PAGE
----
By Jonathan Crouch
Time, perhaps, to change the way you feel about Vauxhall's Corsa. This fifth generation version aims to surprise in all the ways its predecessors were unremarkable. As a result, on paper at least, it's the most competitive supermini the brand has ever brought us. There's even an all-electric model.
Vauxhall's Corsa has always been a well-priced, practical supermini, but in its first four generations, it was usually let down by distinctively average engines, a bit of a weight problem, less than cutting-edge technology and the lack of the kind of spark that would endear you to the thing. All stuff that Vauxhall tried to sort in this fifth generation version.
The name plate here dates back to the Corsa A model of 1982 (badged as a Vauxhall Nova in the UK). Our market first met the Corsa in 1993, that 'B' model replaced by a Corsa C contender in 2000, before a complete re-design for the Corsa D of 2006. That car was only lightly re-skinned to create this model's predecessor, the Corsa E of 2014, a fourth generation model that had to carry on well past its sell-by date before it was replaced in Autumn 2019 by the MK5 Corsa F model we look at here. By that point, over 13.5 million Corsas had been sold in Europe, with 2.1 million of those badged as Vauxhalls for the UK market. Here, this supermini is almost as much as a supermini institution as its closest rival, the Ford Fiesta and it's still by far the Griffin maker's best selling model, shifting over twice as many units as anything else the company makes. But, as that little history lesson makes clear, by 2019 it had been an awful long time since we'd seen a completely fresh from the ground-up version of this Vauxhall.
There was a reason of course for this impasse and it lay with the French PSA Group's £1.9 billion purchase of the Opel and Vauxhall brands back in March 2017. By that point, development on an all-new MK5 Corsa was almost complete and prototypes were pounding the roads around Russelsheim, but the PSA board ordered that the project should be scrapped and begun again using their more flexible CMP small car platform. Unlike the underpinnings that the Opel / Vauxhall team had planned to use (which would have required a licence fee payable to previous owners General Motors for every car built if PSA had used it), this chassis could support four cylinder engines and full-electrification. Which was all well and good but the change in project direction meant the need for a completely new car to be created from scratch in record time; in the event, from start to finish, the project was completed in just two and a half years.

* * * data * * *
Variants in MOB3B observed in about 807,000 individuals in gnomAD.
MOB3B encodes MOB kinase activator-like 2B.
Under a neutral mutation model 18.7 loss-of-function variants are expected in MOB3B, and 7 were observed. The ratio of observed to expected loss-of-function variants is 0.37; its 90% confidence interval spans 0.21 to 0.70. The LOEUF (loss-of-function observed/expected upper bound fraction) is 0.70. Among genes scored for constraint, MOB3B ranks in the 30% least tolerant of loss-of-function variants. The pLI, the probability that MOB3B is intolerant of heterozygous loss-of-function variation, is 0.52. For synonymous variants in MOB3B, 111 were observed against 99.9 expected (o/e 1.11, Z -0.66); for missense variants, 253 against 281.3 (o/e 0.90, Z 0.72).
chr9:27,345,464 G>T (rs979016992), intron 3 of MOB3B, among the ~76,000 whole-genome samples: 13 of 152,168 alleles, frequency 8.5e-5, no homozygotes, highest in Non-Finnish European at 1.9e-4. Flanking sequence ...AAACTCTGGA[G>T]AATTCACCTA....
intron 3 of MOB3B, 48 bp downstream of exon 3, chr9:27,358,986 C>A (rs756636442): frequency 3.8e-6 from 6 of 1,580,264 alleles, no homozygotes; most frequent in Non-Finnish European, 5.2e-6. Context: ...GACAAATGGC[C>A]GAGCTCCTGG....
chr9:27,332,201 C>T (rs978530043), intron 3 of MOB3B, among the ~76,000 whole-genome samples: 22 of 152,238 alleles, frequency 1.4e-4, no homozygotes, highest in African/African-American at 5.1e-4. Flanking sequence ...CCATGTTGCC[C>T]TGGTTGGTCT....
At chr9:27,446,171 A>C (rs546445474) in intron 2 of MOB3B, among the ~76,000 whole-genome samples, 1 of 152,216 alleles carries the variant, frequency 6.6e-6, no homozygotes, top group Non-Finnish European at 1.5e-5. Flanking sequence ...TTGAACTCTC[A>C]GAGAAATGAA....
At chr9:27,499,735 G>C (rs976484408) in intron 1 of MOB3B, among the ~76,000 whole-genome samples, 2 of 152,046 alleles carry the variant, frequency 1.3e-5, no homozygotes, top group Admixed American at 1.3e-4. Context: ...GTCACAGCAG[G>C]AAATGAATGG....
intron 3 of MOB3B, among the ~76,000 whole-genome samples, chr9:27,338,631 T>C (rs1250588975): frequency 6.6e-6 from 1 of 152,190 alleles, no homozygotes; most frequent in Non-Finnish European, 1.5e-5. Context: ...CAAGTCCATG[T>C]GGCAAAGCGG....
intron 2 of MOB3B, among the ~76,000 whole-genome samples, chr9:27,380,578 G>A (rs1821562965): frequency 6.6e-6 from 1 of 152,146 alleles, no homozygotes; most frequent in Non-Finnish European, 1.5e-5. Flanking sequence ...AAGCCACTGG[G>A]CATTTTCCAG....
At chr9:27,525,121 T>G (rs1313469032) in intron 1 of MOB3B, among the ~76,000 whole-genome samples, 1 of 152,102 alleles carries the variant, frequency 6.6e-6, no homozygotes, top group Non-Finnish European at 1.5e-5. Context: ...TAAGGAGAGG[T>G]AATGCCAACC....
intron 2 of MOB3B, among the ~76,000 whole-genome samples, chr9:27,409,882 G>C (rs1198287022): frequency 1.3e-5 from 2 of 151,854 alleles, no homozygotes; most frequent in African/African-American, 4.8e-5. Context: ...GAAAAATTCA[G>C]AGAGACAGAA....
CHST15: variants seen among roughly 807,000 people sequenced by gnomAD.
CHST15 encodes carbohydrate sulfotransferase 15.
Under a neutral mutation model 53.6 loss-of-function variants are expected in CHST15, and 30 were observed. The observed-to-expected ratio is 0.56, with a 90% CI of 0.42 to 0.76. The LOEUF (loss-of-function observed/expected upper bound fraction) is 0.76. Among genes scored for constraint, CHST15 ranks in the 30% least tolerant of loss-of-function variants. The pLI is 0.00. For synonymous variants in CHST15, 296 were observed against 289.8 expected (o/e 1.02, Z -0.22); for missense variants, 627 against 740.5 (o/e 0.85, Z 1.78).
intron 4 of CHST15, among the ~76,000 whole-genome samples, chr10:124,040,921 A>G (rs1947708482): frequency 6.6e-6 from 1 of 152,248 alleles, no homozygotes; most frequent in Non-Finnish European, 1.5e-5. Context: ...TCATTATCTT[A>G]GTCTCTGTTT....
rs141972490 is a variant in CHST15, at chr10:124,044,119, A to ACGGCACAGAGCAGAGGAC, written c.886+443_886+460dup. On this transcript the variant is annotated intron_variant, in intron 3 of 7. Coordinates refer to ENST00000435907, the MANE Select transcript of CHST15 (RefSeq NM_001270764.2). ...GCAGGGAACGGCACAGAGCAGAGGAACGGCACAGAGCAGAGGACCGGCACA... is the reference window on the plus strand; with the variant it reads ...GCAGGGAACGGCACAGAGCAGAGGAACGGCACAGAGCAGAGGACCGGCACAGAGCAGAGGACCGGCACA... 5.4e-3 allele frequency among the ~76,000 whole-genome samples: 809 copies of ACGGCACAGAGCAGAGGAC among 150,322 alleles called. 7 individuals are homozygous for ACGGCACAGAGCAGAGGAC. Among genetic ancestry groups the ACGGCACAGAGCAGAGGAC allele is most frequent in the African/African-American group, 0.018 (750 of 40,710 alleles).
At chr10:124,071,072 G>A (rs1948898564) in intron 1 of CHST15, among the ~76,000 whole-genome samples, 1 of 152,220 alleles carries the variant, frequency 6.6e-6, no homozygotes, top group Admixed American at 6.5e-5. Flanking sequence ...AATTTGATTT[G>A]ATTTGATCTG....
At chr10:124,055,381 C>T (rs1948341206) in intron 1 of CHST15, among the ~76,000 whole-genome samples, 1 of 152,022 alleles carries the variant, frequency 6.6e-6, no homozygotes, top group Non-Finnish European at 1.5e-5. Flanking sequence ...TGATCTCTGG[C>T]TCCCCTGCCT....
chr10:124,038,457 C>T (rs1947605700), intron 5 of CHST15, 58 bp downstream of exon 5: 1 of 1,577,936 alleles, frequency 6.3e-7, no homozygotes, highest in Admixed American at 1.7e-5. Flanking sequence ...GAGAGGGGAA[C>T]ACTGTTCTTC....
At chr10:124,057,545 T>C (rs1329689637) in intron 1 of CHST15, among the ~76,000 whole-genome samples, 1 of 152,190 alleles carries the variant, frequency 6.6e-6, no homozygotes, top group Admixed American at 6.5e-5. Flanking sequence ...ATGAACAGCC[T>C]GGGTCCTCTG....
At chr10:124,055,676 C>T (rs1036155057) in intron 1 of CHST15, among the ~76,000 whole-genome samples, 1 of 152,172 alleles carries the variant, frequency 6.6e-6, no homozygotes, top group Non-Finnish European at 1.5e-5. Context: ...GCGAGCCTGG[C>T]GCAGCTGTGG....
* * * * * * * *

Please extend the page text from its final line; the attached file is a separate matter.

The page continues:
That kind of compacted gestation period wouldn't of course have been possible had not Chief Engineer Thomas Wanke's development team been able to borrow so much from this car's close cousin, the second generation Peugeot 208, which hit the UK market about the same time as this MK5 Corsa. The two cars share virtually identical dimensions - and of course all the same powertrains, including a fully battery-powered one that enabled the range to include the completely electrified Corsa-e. Another shared attribute was an emphasis on weight saving which saw the Vauxhall tip the scales a massive 108kg lighter than its predecessor; it's actually one of the few superminis from its era that can weigh in at below a tonne. That plays its part in what Vauxhall claimed were driver-orientated dynamics, sharpened with extensive chassis tuning. There was also a level of camera safety provision and media connectivity that was way above anything Corsa buyers had ever experienced. Vauxhall tinkered with this MK5 Corsa range constantly, deleting the diesel engine in 2022 at the same time as re-naming the Corsa-e the 'Corsa Electric' and upping that EV model's driving range. More significant changes followed with a full facelift in mid-2023; it's the pre-facelift 2019-2023-era MK5 Corsa model that we look at here though.
What You Get
This fifth generation 'Corsa F' design was certainly very different from its predecessor. It was described by Vauxhall as being less 'van-like' and if you come from the previous model, that'll certainly be your first impression, thanks to 39mm of extra length and a substantial 48mm reduction in roof height. It's certainly a more grown-up-looking car, with its smarter detailing, shorter overhangs and more vertical windscreen. And it came only with five doors.
And inside? Well if you've driven a Corsa before - as most of us have - the Griffin badge on the steering wheel will be the only thing you'll recognise about this one. You sit much lower than you did before and the cabin surrounding you is of considerably higher quality, with glossy black trim that delivers a much more up-market feel. Technology also helps of course, with the greater perception of sophistication. The minimum centre dash monitor size is 7-inches, while at the very top of the range, plush variants get a wide, brightly-coloured 10-inch HD fascia display. Both monitors deliver the expected smartphone-mirroring functionality and of course there's navigation too - which was optional with the smaller screen. What you see through the steering wheel is either another 7-inch digital display featuring with virtual dials in the instrument binnacle - or conventional gauges separated by a 3.5-inch trip computer. Build quality doesn't match the highest standards in this class, but ergonomically, there's not much to fault. The seats are supportive, nothing's irritatingly awkward to get to and everything's exactly where you expect it to be.